If the European people want or are willing to be enslaved by their ruling class, politicians, "elite" or whatever else... it's their business. Will of the people and all. If no sizable group of Europeans stands up against the EU or power hungry politicians, why would they deserve more freedom?

Europe is going to have a bunch of problems on their hands soon enough. There is a very large population of Muslim youth immigrants from the south that are not integrating well, crime stats being a reflection of the problem. The EU system will have its good and bad sides. Hopefully more good than bad, but I doubt it.

A lot of economies in Europe aren't doing so well. Coupled with high taxes... Eh. Well, we'll see the results in a couple years. Should be interesting all and all, entertaining at the least.

firearms_instructor
August 12, 2004, 03:10 AM
Depends where they land. I hate say this but on the east coast very few citizens will fight because they either lack the willpower or the means to do so.

Well, Florida's on the east coast, but I wouldn't include it in that assessment. Florida's chock-fulla guns and enthusiastic Americans, hoo-rah!

Cool Hand Luke 22:36
August 12, 2004, 03:19 AM
Depends where they land. I hate say this but on the east coast very few citizens will fight because they either lack the willpower or the means to do so.

You need to get back East more often.

Virginia is on the East coast, and is one of the most gun owner friendly places on Earth.

I can gurantee that huge numbers of heavily armed Virginians would be eargerly waiting for a shot at any invader.

Missouri Mule
August 12, 2004, 02:10 PM
jsalcedo


Sounds like you've been giggin for Frogs recently! Good shot!:D

Those kinds of Frogs are always in season around here!!!

TooTaxed
August 12, 2004, 04:41 PM
whm1974, I think you need to define "East Coast" as what you consider gun-weak. Certainly here in Georgia...and, I believe, everywhere south of New Jersey... guns are plentiful and treasured! Here in Georgia one does not even have to take a gun course to get a carry permit...

JohnBT
August 13, 2004, 08:31 AM
"Depends where they land. I hate say this but on the east coast very few citizens will fight because they either lack the willpower or the means to do so.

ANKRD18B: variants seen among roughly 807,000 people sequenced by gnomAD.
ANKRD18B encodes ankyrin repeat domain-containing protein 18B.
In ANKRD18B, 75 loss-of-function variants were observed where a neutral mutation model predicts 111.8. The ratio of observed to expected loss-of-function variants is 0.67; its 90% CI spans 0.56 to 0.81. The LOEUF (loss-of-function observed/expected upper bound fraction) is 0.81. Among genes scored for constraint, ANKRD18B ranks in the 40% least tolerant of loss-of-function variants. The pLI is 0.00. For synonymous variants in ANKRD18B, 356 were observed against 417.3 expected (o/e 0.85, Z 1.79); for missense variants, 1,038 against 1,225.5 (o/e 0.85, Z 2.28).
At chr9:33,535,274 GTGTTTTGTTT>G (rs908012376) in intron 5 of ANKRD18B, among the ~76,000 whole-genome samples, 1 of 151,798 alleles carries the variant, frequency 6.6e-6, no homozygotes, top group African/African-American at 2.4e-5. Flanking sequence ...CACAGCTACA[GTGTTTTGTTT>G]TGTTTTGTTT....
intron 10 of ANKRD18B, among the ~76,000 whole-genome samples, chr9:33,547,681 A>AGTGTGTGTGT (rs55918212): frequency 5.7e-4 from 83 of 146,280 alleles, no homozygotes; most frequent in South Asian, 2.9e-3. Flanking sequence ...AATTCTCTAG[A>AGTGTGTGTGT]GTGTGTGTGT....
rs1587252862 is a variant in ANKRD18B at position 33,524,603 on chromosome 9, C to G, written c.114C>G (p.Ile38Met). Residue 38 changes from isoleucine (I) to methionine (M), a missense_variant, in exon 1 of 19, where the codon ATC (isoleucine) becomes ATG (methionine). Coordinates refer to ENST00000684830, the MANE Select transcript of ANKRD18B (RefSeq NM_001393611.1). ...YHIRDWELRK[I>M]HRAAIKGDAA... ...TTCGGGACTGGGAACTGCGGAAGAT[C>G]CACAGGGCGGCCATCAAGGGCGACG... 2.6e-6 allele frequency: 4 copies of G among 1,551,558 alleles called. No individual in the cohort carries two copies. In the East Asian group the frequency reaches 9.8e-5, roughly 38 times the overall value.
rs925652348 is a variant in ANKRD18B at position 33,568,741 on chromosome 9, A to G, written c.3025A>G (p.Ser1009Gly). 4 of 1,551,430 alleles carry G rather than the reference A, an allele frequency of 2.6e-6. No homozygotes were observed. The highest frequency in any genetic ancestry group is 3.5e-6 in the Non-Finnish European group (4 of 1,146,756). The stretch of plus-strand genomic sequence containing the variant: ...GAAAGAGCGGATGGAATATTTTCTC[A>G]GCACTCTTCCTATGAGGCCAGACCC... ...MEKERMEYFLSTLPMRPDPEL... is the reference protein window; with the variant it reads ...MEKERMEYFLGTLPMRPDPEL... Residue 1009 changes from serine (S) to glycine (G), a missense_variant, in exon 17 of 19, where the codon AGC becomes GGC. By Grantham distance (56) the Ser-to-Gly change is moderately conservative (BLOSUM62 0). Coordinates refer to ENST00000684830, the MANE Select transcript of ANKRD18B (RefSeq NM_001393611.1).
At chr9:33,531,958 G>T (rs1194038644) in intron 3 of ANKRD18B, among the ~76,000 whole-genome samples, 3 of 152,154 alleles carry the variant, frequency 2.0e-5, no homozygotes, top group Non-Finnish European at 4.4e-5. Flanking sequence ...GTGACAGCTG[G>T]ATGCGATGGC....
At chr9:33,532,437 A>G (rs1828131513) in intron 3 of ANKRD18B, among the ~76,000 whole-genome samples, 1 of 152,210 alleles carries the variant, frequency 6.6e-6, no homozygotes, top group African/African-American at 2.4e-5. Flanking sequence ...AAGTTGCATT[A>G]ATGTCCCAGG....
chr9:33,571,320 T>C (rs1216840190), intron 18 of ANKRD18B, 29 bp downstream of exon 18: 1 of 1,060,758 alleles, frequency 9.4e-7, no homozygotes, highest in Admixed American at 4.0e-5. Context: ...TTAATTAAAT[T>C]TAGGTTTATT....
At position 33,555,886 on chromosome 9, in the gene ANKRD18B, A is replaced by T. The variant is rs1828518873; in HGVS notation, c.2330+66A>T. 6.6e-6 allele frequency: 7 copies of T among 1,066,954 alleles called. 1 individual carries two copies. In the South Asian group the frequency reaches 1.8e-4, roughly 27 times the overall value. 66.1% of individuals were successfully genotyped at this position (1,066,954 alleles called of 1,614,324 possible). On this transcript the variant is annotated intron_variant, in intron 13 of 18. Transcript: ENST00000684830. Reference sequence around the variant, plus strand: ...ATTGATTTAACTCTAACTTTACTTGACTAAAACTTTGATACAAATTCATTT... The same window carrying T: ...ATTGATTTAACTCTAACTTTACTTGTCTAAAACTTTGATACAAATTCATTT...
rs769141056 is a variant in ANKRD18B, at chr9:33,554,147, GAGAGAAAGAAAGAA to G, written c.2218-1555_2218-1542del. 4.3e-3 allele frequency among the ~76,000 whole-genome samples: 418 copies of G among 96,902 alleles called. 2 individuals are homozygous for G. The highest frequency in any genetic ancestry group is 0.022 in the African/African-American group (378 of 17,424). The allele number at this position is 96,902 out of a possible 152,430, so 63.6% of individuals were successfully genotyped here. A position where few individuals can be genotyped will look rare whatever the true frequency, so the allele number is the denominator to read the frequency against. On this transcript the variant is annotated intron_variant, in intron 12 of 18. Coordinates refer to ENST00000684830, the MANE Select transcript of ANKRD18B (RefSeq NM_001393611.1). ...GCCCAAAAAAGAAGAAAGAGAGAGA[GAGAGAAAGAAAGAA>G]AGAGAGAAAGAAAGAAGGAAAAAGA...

-Bill"

I want some of what you're smoking. :)

John

Baba Louie
August 13, 2004, 09:08 AM
I was asked about “this American sickness with guns”. It is a terminal disease called "Liberty and Freedom" (L&F), a major symptom being a "Well Regulated Militia". I believe that only the Swiss and less than 50% of United States Citizens suffer from it tho'. Millions have died FOR it.
The remainder of the world seem to suffer from the malady known as "Maximus Governmentia" (MG) and prefer to do what they're told by their betters. Not that that's a bad thing... for them. Hundreds of Millions have died FROM it.
Dead is dead. It's how you Live that counts.
Obviously "Liberty and Freedom" isn't for everyone. No known cure.
It seems to be a "Don't Tread On Me" thing, not well understood in intellectual or fashionable circles.
At any rate, MG is working hard to overcome L&F, but there is still some resistance... here and there.

juggler
August 13, 2004, 09:17 AM
Depends where they land. I hate say this but on the east coast very few citizens will fight because they either lack the willpower or the means to do so.

Sure you didn't mean WEST coast? Mass. and NYC might have problems, but my kin in Maine would give anyone pause.......especially in winter. :neener:

Here in CT I personally know people, in my little sphere of involvement, who are well armed and prepared. They/we have the equipment, training and attitude to do what is right and neccesary.

And take it from a former Marine stationed up and down the East Coast, it gets more interesting the further south you go :evil:

Sam Adams
August 13, 2004, 05:56 PM
Depends where they land. I hate say this but on the east coast very few citizens will fight because they either lack the willpower or the means to do so.

Even in the PRNJ there are plenty of guns (or at least there were until I and a few close friends escaped from the Peoples Republic to various parts of Free America). Nah, the Euroweenies will still receive a good reception.